Turner White CommunicationsAbout TWCSubscribeContact TWCHomeSearch
Hospital PhysicianJCOMSMPBRMsCart
Current Contents
Past Issue Archives
Interactive:
Self-Assessment Questions
Review of
Clinical Signs
Clinical Review
Quiz
Pediatric Rounds
Resident Grand Rounds
Article Archives
Case Reports
Clinical Practice
Exams
Pediatric Rounds
Resident Grand Rounds
Review of
Clinical Signs

Guide to Reading
Hospital Physician
Editorial Board
Information for Authors

Reprints, Permissions, & Copyright
Site Map
Self-Assessment Questions

Neurology


Answer 2
  1. HSV. Of the organisms mentioned, HSV has a predilection for the limbic system of the temporal lobe and is most likely to cause sharp wave discharges in the temporal lobes but no electrographic seizures on EEG. In a majority of cases of herpes simplex encephalitis, the EEG is abnormal and shows focal temporal changes known as periodic lateralized epileptiform discharges, which consist of repetitive spike or sharp wave discharges that are focal or lateralized over 1 hemisphere, recur at intervals of 0.5 to 5 seconds, and continue throughout most of the duration of an EEG. Periodic lateralized epileptiform discharges are often seen in the setting of unilateral lesions such as cerebral infarctions, encephalitis, or tumors.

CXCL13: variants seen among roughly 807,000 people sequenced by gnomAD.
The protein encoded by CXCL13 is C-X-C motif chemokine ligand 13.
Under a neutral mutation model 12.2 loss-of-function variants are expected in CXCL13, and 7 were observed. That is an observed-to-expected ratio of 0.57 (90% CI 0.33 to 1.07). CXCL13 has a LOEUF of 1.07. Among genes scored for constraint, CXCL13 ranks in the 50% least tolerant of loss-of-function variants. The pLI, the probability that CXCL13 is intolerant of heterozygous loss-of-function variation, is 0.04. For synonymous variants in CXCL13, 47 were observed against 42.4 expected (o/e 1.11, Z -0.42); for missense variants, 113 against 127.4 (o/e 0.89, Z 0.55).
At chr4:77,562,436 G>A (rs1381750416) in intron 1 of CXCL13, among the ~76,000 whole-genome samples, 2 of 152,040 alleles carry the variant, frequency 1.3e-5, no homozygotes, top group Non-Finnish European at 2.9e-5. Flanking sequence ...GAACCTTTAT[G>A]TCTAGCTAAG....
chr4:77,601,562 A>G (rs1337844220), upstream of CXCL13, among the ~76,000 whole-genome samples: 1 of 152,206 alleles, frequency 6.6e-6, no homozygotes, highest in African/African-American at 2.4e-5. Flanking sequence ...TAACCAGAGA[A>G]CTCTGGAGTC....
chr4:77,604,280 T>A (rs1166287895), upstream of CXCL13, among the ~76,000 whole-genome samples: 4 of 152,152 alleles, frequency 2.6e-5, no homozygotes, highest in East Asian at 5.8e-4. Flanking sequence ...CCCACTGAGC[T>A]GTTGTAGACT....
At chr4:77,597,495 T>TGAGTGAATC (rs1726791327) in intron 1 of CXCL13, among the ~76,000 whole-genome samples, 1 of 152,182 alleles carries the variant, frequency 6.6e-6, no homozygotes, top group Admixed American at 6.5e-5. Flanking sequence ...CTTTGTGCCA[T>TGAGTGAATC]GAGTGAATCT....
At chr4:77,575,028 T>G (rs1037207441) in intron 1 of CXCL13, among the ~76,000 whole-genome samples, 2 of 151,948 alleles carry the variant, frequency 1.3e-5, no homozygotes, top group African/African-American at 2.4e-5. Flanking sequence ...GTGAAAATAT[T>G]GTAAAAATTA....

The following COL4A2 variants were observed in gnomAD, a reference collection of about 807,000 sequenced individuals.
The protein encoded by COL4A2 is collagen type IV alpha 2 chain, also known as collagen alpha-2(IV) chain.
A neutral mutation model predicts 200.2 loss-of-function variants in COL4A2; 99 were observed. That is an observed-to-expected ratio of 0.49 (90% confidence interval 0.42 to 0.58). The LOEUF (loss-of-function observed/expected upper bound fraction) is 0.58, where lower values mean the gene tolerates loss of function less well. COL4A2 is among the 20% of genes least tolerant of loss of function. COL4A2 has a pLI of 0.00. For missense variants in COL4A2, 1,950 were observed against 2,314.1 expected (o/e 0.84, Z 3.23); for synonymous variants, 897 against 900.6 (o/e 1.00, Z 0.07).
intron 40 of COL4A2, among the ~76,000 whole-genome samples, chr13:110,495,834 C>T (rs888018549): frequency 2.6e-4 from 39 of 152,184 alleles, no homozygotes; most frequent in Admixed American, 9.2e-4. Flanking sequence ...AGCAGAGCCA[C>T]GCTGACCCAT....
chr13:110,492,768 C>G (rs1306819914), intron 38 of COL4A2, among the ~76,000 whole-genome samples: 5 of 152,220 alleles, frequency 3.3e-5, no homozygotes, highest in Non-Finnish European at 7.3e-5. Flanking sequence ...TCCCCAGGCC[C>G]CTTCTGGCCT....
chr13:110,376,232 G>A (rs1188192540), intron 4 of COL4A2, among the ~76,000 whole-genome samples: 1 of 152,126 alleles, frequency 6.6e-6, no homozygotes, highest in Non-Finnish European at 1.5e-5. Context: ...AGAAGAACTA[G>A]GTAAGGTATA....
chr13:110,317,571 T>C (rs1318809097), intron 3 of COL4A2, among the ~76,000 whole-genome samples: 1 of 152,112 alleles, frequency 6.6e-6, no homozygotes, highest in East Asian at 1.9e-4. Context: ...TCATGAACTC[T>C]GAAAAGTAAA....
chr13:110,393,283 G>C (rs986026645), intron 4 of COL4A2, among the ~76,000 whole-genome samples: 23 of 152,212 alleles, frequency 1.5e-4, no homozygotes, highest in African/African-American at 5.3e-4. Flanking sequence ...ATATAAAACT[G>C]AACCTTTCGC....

Click here to return to the questions

 

Hospital Physician     JCOM     Seminars in Medical Practice
Hospital Physician Board Review Manuals
About TWC    Subscribe    Contact TWC    Home    Search   Site Map

Copyright © 2009, Turner White Communications
Updated 10/24/08 • nvf